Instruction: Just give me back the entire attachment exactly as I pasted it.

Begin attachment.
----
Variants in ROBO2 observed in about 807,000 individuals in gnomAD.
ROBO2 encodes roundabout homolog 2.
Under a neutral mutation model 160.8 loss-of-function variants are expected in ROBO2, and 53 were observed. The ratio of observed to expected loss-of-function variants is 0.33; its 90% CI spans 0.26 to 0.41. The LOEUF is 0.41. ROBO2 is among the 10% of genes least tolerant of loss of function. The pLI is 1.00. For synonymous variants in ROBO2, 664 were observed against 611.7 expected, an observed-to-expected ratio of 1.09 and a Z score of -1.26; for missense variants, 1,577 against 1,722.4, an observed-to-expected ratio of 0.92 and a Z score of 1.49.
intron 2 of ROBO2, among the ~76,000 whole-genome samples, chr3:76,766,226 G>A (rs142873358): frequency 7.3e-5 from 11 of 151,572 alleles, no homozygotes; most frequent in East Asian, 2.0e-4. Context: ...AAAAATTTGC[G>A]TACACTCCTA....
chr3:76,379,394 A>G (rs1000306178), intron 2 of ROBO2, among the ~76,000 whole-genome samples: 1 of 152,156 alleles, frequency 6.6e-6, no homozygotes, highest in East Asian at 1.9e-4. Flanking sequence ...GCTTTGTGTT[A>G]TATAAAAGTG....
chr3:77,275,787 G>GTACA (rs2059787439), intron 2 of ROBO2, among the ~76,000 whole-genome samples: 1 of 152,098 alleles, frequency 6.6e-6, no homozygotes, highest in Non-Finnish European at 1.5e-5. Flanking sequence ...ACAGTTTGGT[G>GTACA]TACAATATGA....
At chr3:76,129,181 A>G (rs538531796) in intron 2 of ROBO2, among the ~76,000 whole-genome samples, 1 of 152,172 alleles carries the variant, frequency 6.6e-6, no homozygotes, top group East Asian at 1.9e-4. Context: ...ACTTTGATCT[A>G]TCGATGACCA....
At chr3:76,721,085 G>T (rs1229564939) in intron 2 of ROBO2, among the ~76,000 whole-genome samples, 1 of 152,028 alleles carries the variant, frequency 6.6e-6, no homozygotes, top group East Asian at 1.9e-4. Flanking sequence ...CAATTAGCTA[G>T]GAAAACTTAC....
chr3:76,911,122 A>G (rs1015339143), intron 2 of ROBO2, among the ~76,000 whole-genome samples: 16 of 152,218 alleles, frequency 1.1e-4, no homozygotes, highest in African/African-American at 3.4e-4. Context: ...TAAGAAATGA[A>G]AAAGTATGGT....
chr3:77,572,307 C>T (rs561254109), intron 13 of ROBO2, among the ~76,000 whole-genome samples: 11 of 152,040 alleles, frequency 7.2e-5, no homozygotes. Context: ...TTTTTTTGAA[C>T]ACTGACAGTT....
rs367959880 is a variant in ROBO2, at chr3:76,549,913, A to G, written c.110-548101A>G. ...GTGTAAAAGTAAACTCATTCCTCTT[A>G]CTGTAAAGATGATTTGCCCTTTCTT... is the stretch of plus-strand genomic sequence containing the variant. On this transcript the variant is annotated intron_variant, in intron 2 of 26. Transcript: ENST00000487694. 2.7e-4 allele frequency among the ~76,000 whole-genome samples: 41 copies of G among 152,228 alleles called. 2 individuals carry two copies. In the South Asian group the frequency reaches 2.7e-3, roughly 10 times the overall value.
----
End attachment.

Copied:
Variants in ROBO2 observed in about 807,000 individuals in gnomAD.
ROBO2 encodes roundabout homolog 2.
Under a neutral mutation model 160.8 loss-of-function variants are expected in ROBO2, and 53 were observed. The ratio of observed to expected loss-of-function variants is 0.33; its 90% CI spans 0.26 to 0.41. The LOEUF is 0.41. ROBO2 is among the 10% of genes least tolerant of loss of function. The pLI is 1.00. For synonymous variants in ROBO2, 664 were observed against 611.7 expected, an observed-to-expected ratio of 1.09 and a Z score of -1.26; for missense variants, 1,577 against 1,722.4, an observed-to-expected ratio of 0.92 and a Z score of 1.49.
intron 2 of ROBO2, among the ~76,000 whole-genome samples, chr3:76,766,226 G>A (rs142873358): frequency 7.3e-5 from 11 of 151,572 alleles, no homozygotes; most frequent in East Asian, 2.0e-4. Context: ...AAAAATTTGC[G>A]TACACTCCTA....
chr3:76,379,394 A>G (rs1000306178), intron 2 of ROBO2, among the ~76,000 whole-genome samples: 1 of 152,156 alleles, frequency 6.6e-6, no homozygotes, highest in East Asian at 1.9e-4. Flanking sequence ...GCTTTGTGTT[A>G]TATAAAAGTG....
chr3:77,275,787 G>GTACA (rs2059787439), intron 2 of ROBO2, among the ~76,000 whole-genome samples: 1 of 152,098 alleles, frequency 6.6e-6, no homozygotes, highest in Non-Finnish European at 1.5e-5. Flanking sequence ...ACAGTTTGGT[G>GTACA]TACAATATGA....
At chr3:76,129,181 A>G (rs538531796) in intron 2 of ROBO2, among the ~76,000 whole-genome samples, 1 of 152,172 alleles carries the variant, frequency 6.6e-6, no homozygotes, top group East Asian at 1.9e-4. Context: ...ACTTTGATCT[A>G]TCGATGACCA....
At chr3:76,721,085 G>T (rs1229564939) in intron 2 of ROBO2, among the ~76,000 whole-genome samples, 1 of 152,028 alleles carries the variant, frequency 6.6e-6, no homozygotes, top group East Asian at 1.9e-4. Flanking sequence ...CAATTAGCTA[G>T]GAAAACTTAC....
chr3:76,911,122 A>G (rs1015339143), intron 2 of ROBO2, among the ~76,000 whole-genome samples: 16 of 152,218 alleles, frequency 1.1e-4, no homozygotes, highest in African/African-American at 3.4e-4. Context: ...TAAGAAATGA[A>G]AAAGTATGGT....
chr3:77,572,307 C>T (rs561254109), intron 13 of ROBO2, among the ~76,000 whole-genome samples: 11 of 152,040 alleles, frequency 7.2e-5, no homozygotes. Context: ...TTTTTTTGAA[C>T]ACTGACAGTT....
rs367959880 is a variant in ROBO2, at chr3:76,549,913, A to G, written c.110-548101A>G. ...GTGTAAAAGTAAACTCATTCCTCTT[A>G]CTGTAAAGATGATTTGCCCTTTCTT... is the stretch of plus-strand genomic sequence containing the variant. On this transcript the variant is annotated intron_variant, in intron 2 of 26. Transcript: ENST00000487694. 2.7e-4 allele frequency among the ~76,000 whole-genome samples: 41 copies of G among 152,228 alleles called. 2 individuals carry two copies. In the South Asian group the frequency reaches 2.7e-3, roughly 10 times the overall value.